Winter is also an important time in the reproductive cycle for beavers. They typically mate in January and February, with the females giving birth to a litter of kits between April and June, according to the Illinois Department of Natural Resources.  

Black-capped chickadees

(Photo by Glenn P. Knoblock)

These birds are tiny, usually weighing no more than half an ounce, but they are able to withstand everything winter throws at them because of two important biological adaptations, according to the National Wildlife Federation. First, they enter a state of hypothermia at night, which means they are able to lower their body temperature as a means to store energy. They also can regulate their metabolism, so the chickadees will increase their heat production when winter weather requires it. 

Even their plumage helps them stay warm. Chickadees have a full coat of feathers, about half-an-inch thick, that provides good insulation from cold winter weather. 

Of course, black-capped chickadees also have a few less biological means of making it through the winter. In the fall, they begin to store food for winter, according to the U.S. Fish and Wildlife Service. They also change their diet, eating more berries, seeds and even suet compared to their warm-weather diet of caterpillars and insects.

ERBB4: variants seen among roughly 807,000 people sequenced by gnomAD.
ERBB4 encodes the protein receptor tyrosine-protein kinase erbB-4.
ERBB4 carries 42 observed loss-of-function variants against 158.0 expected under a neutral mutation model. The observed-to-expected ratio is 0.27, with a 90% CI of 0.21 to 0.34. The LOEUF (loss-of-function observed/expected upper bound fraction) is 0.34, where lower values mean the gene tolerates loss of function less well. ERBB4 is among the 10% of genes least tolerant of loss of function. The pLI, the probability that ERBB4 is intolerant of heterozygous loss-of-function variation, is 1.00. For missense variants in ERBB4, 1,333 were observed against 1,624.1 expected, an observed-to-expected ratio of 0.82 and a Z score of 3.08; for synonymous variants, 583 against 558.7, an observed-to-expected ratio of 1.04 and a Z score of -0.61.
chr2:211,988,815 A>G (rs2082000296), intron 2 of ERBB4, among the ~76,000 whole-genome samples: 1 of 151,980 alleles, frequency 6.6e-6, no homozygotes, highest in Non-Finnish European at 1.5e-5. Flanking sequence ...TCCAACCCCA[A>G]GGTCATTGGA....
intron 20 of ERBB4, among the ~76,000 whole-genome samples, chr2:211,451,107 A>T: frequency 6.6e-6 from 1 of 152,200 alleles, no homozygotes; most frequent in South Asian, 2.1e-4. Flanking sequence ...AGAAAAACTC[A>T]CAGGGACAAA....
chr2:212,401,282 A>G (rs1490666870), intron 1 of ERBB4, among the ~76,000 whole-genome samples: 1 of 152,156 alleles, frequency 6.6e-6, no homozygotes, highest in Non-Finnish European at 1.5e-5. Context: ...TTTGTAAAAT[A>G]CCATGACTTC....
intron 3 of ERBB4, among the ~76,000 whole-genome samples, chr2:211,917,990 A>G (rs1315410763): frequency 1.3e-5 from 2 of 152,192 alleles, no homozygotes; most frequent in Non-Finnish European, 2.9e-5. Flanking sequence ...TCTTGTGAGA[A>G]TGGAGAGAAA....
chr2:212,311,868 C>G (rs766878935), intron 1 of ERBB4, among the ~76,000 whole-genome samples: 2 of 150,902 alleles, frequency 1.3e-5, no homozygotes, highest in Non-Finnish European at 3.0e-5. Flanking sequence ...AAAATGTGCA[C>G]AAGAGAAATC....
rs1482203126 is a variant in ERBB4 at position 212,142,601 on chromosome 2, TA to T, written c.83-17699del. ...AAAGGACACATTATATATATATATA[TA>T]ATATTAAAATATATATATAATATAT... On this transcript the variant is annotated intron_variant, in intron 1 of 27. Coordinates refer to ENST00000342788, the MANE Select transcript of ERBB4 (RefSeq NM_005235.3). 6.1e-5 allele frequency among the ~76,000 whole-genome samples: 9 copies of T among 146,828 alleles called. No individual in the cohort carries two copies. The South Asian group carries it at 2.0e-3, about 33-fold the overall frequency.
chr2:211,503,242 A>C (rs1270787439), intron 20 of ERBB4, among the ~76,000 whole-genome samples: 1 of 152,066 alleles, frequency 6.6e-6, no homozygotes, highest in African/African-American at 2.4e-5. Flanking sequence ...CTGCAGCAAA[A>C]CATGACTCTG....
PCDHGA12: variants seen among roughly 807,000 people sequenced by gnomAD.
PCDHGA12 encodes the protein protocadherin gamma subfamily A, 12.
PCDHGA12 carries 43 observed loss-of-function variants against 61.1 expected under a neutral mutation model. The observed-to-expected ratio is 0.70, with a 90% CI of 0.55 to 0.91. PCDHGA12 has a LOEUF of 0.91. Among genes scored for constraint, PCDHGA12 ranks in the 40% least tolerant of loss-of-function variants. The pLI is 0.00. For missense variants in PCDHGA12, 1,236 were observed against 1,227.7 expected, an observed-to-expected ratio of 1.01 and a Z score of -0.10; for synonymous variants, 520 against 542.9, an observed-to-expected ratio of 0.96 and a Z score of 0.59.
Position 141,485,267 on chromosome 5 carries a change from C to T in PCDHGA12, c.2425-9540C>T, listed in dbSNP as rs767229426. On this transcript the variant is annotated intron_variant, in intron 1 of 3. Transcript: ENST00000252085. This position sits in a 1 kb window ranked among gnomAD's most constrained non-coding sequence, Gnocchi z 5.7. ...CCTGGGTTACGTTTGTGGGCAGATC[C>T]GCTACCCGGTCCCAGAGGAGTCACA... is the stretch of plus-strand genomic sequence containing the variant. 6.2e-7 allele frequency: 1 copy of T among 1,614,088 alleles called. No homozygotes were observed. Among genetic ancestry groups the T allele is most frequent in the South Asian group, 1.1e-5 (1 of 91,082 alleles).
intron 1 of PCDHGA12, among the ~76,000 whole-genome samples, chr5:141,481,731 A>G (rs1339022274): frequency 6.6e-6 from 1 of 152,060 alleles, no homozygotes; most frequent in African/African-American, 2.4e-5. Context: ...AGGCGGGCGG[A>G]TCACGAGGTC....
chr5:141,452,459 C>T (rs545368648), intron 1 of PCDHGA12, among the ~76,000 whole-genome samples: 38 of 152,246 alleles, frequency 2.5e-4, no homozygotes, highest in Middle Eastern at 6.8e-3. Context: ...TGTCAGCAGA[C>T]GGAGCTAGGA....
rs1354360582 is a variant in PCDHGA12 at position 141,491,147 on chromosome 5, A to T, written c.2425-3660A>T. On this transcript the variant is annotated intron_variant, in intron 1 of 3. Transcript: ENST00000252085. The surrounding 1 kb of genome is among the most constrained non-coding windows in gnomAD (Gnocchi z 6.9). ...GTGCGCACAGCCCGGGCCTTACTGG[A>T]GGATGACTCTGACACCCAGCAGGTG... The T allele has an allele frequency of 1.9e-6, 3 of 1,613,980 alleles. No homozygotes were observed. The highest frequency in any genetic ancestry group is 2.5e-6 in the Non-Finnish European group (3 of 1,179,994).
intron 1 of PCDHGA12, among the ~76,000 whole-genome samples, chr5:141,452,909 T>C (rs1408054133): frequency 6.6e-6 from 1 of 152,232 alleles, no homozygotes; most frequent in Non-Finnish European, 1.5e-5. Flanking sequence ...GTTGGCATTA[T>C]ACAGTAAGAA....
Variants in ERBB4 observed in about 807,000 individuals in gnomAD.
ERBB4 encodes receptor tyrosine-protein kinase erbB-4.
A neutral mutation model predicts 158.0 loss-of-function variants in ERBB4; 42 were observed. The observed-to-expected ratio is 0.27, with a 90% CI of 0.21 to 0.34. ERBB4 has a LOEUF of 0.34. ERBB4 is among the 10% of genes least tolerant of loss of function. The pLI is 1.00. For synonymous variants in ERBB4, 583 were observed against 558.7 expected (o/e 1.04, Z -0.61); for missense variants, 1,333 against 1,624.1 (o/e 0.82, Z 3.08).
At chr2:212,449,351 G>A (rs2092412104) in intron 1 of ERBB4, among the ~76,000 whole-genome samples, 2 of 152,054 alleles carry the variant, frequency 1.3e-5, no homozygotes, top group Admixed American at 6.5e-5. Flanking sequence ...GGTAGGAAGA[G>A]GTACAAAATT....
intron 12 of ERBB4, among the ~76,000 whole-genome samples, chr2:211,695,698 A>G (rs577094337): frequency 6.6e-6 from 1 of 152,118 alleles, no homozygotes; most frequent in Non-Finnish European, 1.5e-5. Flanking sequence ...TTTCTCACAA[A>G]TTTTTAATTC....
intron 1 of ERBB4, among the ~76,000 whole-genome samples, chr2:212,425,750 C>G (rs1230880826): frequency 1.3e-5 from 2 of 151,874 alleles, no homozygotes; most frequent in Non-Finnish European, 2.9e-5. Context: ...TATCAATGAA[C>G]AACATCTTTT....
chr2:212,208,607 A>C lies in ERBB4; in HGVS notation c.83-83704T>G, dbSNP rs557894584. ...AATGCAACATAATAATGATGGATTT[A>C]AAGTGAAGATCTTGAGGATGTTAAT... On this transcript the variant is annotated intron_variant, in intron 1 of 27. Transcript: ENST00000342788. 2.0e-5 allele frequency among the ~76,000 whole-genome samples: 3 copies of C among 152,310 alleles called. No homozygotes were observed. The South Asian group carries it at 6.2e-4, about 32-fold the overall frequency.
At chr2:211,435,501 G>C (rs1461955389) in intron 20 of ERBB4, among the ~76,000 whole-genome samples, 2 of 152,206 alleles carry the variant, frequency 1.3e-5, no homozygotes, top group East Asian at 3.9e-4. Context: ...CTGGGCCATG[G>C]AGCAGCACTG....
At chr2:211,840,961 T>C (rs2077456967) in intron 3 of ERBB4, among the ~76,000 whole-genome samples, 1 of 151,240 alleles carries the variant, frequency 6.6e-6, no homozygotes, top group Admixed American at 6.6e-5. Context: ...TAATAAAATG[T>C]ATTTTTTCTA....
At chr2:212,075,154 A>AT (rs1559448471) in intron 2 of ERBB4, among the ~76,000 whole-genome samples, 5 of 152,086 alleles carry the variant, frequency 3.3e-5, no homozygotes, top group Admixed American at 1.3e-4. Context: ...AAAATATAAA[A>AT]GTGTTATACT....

These chickadees certainly aren’t the only birds we see in winter. Plenty of birds remain in the area year-round and are active throughout the cold months. Others migrate south from Canada to spend their winters here. Take the dark-eyed junco. The juncos typically arrive in the eastern United States just as winter sets in, then take off for their breeding grounds in Canada before the first signs of spring, according to the Cornell Lab of Ornithology. For many birders, the arrival of the juncos means it’s officially winter. 

Even some of the birds we associate with spring, like the American robin, are here all winter. We often consider the sight of a robin digging up worms a sign that spring has arrived, but the robins are here right now too. In the winter, though, these birds typically roost in trees, where they are less visible to us, according to the Cornell Lab

White-tailed deer

(Photo courtesy of Tim Adams)

The deer that populate our lands remain here all year, but they do change their behavior in the winter as a means of survival. They typically decrease their activity levels to conserve energy, and many deer seek out wintering areas, sometimes called deer yards, where the animals gather to take cover from deep snow and high winds, according to the New Hampshire Fish and Game Department.

Deer also undergo physiological changes in the fall to prepare them for winter. Like many other animals, their bodies retain more fat in the fall. Deer also shed their coats and grow a new, thicker coat that better insulates their bodies from cold weather, according to Tufts University. Their winter coats contain longer, thicker, darker fur called guard hairs. These hairs absorb more sunlight and trap body heat more efficiently. They also produce oils that help repel water, providing protection from the snow. 

When it snows, food can be more difficult to find, so deer often dig through the snow to expose the vegetation underneath, according to Wildlife Illinois. They eat vegetation such as grasses, twigs and stems all year, but in the winter they add high-calorie foods like fruits and nuts to give them more energy.

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(Lead image via Shutterstock)